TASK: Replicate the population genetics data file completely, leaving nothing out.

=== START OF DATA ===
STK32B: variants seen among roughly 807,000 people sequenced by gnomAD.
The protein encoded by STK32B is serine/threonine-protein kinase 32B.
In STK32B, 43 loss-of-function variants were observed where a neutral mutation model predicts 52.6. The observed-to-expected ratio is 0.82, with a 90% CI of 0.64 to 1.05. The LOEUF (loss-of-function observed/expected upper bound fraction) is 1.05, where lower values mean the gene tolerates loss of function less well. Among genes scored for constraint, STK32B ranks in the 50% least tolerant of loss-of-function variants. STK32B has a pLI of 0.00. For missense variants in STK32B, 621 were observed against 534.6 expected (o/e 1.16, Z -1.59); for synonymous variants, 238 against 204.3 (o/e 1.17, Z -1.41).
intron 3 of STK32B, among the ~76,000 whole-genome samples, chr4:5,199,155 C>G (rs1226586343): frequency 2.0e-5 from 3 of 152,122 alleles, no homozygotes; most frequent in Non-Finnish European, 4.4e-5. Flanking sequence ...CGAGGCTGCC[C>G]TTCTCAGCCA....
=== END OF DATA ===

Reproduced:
STK32B: variants seen among roughly 807,000 people sequenced by gnomAD.
The protein encoded by STK32B is serine/threonine-protein kinase 32B.
In STK32B, 43 loss-of-function variants were observed where a neutral mutation model predicts 52.6. The observed-to-expected ratio is 0.82, with a 90% CI of 0.64 to 1.05. The LOEUF (loss-of-function observed/expected upper bound fraction) is 1.05, where lower values mean the gene tolerates loss of function less well. Among genes scored for constraint, STK32B ranks in the 50% least tolerant of loss-of-function variants. STK32B has a pLI of 0.00. For missense variants in STK32B, 621 were observed against 534.6 expected (o/e 1.16, Z -1.59); for synonymous variants, 238 against 204.3 (o/e 1.17, Z -1.41).
intron 3 of STK32B, among the ~76,000 whole-genome samples, chr4:5,199,155 C>G (rs1226586343): frequency 2.0e-5 from 3 of 152,122 alleles, no homozygotes; most frequent in Non-Finnish European, 4.4e-5. Flanking sequence ...CGAGGCTGCC[C>G]TTCTCAGCCA....